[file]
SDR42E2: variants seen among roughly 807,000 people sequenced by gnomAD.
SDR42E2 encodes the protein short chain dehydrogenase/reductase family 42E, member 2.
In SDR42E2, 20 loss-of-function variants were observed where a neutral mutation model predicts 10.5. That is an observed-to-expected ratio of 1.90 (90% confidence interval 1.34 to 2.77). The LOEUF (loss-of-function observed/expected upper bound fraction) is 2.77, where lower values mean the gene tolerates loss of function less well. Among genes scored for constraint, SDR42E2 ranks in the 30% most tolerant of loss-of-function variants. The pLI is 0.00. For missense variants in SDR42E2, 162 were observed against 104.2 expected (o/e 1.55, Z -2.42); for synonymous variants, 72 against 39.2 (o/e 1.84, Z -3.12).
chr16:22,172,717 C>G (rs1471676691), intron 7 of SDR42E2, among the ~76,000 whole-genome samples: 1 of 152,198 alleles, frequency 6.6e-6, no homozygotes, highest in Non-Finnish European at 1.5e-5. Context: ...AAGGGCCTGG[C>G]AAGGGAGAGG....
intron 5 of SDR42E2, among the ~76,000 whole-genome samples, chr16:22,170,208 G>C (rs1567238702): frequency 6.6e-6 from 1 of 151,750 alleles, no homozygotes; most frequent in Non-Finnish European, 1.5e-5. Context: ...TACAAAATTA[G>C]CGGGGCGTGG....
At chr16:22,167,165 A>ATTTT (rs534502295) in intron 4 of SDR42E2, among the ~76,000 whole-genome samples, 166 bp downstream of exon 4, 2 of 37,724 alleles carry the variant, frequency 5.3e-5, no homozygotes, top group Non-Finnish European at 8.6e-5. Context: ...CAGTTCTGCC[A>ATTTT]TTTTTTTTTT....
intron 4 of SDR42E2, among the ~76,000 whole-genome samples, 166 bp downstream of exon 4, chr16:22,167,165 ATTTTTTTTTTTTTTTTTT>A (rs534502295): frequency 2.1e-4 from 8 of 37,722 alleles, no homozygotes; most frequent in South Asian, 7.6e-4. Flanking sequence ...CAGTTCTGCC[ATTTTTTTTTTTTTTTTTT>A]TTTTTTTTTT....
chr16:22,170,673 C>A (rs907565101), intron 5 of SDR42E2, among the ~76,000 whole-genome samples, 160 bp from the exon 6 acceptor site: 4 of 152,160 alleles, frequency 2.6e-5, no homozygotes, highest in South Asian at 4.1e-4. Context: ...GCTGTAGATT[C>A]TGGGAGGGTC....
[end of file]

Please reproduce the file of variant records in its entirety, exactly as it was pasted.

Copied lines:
SDR42E2: variants seen among roughly 807,000 people sequenced by gnomAD.
SDR42E2 encodes the protein short chain dehydrogenase/reductase family 42E, member 2.
In SDR42E2, 20 loss-of-function variants were observed where a neutral mutation model predicts 10.5. That is an observed-to-expected ratio of 1.90 (90% confidence interval 1.34 to 2.77). The LOEUF (loss-of-function observed/expected upper bound fraction) is 2.77, where lower values mean the gene tolerates loss of function less well. Among genes scored for constraint, SDR42E2 ranks in the 30% most tolerant of loss-of-function variants. The pLI is 0.00. For missense variants in SDR42E2, 162 were observed against 104.2 expected (o/e 1.55, Z -2.42); for synonymous variants, 72 against 39.2 (o/e 1.84, Z -3.12).
chr16:22,172,717 C>G (rs1471676691), intron 7 of SDR42E2, among the ~76,000 whole-genome samples: 1 of 152,198 alleles, frequency 6.6e-6, no homozygotes, highest in Non-Finnish European at 1.5e-5. Context: ...AAGGGCCTGG[C>G]AAGGGAGAGG....
intron 5 of SDR42E2, among the ~76,000 whole-genome samples, chr16:22,170,208 G>C (rs1567238702): frequency 6.6e-6 from 1 of 151,750 alleles, no homozygotes; most frequent in Non-Finnish European, 1.5e-5. Context: ...TACAAAATTA[G>C]CGGGGCGTGG....
At chr16:22,167,165 A>ATTTT (rs534502295) in intron 4 of SDR42E2, among the ~76,000 whole-genome samples, 166 bp downstream of exon 4, 2 of 37,724 alleles carry the variant, frequency 5.3e-5, no homozygotes, top group Non-Finnish European at 8.6e-5. Context: ...CAGTTCTGCC[A>ATTTT]TTTTTTTTTT....
intron 4 of SDR42E2, among the ~76,000 whole-genome samples, 166 bp downstream of exon 4, chr16:22,167,165 ATTTTTTTTTTTTTTTTTT>A (rs534502295): frequency 2.1e-4 from 8 of 37,722 alleles, no homozygotes; most frequent in South Asian, 7.6e-4. Flanking sequence ...CAGTTCTGCC[ATTTTTTTTTTTTTTTTTT>A]TTTTTTTTTT....
chr16:22,170,673 C>A (rs907565101), intron 5 of SDR42E2, among the ~76,000 whole-genome samples, 160 bp from the exon 6 acceptor site: 4 of 152,160 alleles, frequency 2.6e-5, no homozygotes, highest in South Asian at 4.1e-4. Context: ...GCTGTAGATT[C>A]TGGGAGGGTC....